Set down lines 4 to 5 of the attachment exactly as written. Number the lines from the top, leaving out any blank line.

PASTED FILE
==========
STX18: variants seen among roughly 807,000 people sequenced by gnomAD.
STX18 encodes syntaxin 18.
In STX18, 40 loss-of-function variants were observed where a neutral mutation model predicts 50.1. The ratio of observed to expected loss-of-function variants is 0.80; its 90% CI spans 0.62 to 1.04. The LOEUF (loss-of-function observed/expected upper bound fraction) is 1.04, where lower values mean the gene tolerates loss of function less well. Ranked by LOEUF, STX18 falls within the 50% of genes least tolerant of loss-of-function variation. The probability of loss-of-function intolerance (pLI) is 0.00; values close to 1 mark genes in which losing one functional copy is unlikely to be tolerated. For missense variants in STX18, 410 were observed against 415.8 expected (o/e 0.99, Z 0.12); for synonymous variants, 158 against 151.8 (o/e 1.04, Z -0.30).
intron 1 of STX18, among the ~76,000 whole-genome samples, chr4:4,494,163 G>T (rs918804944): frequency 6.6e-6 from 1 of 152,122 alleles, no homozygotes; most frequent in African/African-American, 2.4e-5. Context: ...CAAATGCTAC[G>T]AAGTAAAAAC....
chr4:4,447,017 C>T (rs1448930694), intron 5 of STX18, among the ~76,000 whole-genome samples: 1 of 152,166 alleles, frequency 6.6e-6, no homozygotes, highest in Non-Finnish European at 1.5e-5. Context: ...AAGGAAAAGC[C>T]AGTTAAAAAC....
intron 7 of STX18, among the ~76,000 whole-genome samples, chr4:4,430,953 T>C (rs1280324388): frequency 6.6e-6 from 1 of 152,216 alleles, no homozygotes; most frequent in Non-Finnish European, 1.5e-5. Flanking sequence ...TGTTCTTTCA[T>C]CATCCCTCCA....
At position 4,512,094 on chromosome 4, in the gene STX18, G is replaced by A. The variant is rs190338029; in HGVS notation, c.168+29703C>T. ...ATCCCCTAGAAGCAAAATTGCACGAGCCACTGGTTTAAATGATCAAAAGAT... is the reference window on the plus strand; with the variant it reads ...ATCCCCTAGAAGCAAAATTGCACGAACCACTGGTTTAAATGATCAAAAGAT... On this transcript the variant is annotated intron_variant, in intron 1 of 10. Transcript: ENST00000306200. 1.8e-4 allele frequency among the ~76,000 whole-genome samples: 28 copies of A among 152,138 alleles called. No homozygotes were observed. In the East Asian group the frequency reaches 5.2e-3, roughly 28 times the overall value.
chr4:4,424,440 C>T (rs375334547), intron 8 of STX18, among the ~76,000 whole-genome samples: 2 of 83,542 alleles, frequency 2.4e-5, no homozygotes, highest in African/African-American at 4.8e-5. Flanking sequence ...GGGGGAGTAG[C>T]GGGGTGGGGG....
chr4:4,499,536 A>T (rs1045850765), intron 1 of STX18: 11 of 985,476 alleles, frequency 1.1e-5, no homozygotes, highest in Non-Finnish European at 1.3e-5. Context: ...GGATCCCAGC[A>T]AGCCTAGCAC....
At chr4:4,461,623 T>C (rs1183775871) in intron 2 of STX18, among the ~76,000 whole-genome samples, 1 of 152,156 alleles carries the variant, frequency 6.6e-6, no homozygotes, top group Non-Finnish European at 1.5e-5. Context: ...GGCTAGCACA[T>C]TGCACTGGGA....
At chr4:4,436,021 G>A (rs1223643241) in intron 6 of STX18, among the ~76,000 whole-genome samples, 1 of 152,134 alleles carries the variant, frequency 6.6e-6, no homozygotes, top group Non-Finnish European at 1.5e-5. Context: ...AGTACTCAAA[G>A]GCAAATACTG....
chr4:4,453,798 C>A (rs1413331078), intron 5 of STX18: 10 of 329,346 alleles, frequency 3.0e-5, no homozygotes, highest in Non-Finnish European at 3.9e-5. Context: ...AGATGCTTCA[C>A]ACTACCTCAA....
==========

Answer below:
intron 1 of STX18, among the ~76,000 whole-genome samples, chr4:4,494,163 G>T (rs918804944): frequency 6.6e-6 from 1 of 152,122 alleles, no homozygotes; most frequent in African/African-American, 2.4e-5. Context: ...CAAATGCTAC[G>T]AAGTAAAAAC....
chr4:4,447,017 C>T (rs1448930694), intron 5 of STX18, among the ~76,000 whole-genome samples: 1 of 152,166 alleles, frequency 6.6e-6, no homozygotes, highest in Non-Finnish European at 1.5e-5. Context: ...AAGGAAAAGC[C>T]AGTTAAAAAC....